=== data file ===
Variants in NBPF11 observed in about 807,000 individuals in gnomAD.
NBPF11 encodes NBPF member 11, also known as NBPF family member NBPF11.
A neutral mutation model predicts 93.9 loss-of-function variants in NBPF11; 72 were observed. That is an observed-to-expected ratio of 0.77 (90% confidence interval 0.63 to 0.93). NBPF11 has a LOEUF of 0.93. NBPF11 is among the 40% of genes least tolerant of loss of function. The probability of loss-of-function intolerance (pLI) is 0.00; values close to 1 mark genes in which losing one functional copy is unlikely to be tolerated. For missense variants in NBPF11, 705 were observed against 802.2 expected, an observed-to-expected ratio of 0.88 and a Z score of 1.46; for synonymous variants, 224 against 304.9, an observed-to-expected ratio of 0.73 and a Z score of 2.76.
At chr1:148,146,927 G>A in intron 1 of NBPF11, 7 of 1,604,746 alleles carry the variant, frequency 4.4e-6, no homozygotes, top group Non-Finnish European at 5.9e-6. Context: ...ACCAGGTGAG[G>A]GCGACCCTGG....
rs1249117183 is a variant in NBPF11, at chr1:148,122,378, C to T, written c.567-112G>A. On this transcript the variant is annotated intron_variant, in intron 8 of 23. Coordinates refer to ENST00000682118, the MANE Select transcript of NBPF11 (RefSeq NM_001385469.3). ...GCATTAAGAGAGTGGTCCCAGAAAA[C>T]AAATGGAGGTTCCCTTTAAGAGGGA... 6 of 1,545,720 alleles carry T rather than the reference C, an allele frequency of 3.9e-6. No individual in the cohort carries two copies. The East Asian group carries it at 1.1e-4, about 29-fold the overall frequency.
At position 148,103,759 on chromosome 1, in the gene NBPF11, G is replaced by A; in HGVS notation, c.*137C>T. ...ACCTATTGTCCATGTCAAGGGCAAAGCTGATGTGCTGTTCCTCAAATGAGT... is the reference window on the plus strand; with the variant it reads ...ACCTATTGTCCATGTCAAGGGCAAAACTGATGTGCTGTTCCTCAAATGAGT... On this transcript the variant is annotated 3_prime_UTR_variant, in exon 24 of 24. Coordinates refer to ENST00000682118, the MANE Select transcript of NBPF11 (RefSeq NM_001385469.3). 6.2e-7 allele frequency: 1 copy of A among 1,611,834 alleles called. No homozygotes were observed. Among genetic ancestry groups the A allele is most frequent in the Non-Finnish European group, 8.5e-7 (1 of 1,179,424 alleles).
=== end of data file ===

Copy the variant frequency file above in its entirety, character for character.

Variants in NBPF11 observed in about 807,000 individuals in gnomAD.
NBPF11 encodes NBPF member 11, also known as NBPF family member NBPF11.
A neutral mutation model predicts 93.9 loss-of-function variants in NBPF11; 72 were observed. That is an observed-to-expected ratio of 0.77 (90% confidence interval 0.63 to 0.93). NBPF11 has a LOEUF of 0.93. NBPF11 is among the 40% of genes least tolerant of loss of function. The probability of loss-of-function intolerance (pLI) is 0.00; values close to 1 mark genes in which losing one functional copy is unlikely to be tolerated. For missense variants in NBPF11, 705 were observed against 802.2 expected, an observed-to-expected ratio of 0.88 and a Z score of 1.46; for synonymous variants, 224 against 304.9, an observed-to-expected ratio of 0.73 and a Z score of 2.76.
At chr1:148,146,927 G>A in intron 1 of NBPF11, 7 of 1,604,746 alleles carry the variant, frequency 4.4e-6, no homozygotes, top group Non-Finnish European at 5.9e-6. Context: ...ACCAGGTGAG[G>A]GCGACCCTGG....
rs1249117183 is a variant in NBPF11, at chr1:148,122,378, C to T, written c.567-112G>A. On this transcript the variant is annotated intron_variant, in intron 8 of 23. Coordinates refer to ENST00000682118, the MANE Select transcript of NBPF11 (RefSeq NM_001385469.3). ...GCATTAAGAGAGTGGTCCCAGAAAA[C>T]AAATGGAGGTTCCCTTTAAGAGGGA... 6 of 1,545,720 alleles carry T rather than the reference C, an allele frequency of 3.9e-6. No individual in the cohort carries two copies. The East Asian group carries it at 1.1e-4, about 29-fold the overall frequency.
At position 148,103,759 on chromosome 1, in the gene NBPF11, G is replaced by A; in HGVS notation, c.*137C>T. ...ACCTATTGTCCATGTCAAGGGCAAAGCTGATGTGCTGTTCCTCAAATGAGT... is the reference window on the plus strand; with the variant it reads ...ACCTATTGTCCATGTCAAGGGCAAAACTGATGTGCTGTTCCTCAAATGAGT... On this transcript the variant is annotated 3_prime_UTR_variant, in exon 24 of 24. Coordinates refer to ENST00000682118, the MANE Select transcript of NBPF11 (RefSeq NM_001385469.3). 6.2e-7 allele frequency: 1 copy of A among 1,611,834 alleles called. No homozygotes were observed. Among genetic ancestry groups the A allele is most frequent in the Non-Finnish European group, 8.5e-7 (1 of 1,179,424 alleles).